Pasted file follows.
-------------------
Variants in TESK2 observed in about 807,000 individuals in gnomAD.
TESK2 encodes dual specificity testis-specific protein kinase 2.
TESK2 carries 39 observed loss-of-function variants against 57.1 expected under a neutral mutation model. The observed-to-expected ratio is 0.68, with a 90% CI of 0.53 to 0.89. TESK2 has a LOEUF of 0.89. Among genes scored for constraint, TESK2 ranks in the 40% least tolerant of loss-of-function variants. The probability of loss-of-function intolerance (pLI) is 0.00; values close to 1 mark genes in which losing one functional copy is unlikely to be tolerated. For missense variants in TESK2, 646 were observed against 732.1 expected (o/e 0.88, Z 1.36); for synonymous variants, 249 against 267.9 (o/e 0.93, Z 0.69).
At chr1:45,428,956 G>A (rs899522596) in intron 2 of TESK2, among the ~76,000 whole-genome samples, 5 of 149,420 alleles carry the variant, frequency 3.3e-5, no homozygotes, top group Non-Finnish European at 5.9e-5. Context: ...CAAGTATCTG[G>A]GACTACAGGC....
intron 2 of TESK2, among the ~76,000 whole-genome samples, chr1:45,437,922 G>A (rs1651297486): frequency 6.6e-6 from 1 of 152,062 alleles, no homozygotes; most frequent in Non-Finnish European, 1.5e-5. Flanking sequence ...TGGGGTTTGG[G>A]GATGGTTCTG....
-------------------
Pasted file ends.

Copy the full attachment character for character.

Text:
Variants in TESK2 observed in about 807,000 individuals in gnomAD.
TESK2 encodes dual specificity testis-specific protein kinase 2.
TESK2 carries 39 observed loss-of-function variants against 57.1 expected under a neutral mutation model. The observed-to-expected ratio is 0.68, with a 90% CI of 0.53 to 0.89. TESK2 has a LOEUF of 0.89. Among genes scored for constraint, TESK2 ranks in the 40% least tolerant of loss-of-function variants. The probability of loss-of-function intolerance (pLI) is 0.00; values close to 1 mark genes in which losing one functional copy is unlikely to be tolerated. For missense variants in TESK2, 646 were observed against 732.1 expected (o/e 0.88, Z 1.36); for synonymous variants, 249 against 267.9 (o/e 0.93, Z 0.69).
At chr1:45,428,956 G>A (rs899522596) in intron 2 of TESK2, among the ~76,000 whole-genome samples, 5 of 149,420 alleles carry the variant, frequency 3.3e-5, no homozygotes, top group Non-Finnish European at 5.9e-5. Context: ...CAAGTATCTG[G>A]GACTACAGGC....
intron 2 of TESK2, among the ~76,000 whole-genome samples, chr1:45,437,922 G>A (rs1651297486): frequency 6.6e-6 from 1 of 152,062 alleles, no homozygotes; most frequent in Non-Finnish European, 1.5e-5. Flanking sequence ...TGGGGTTTGG[G>A]GATGGTTCTG....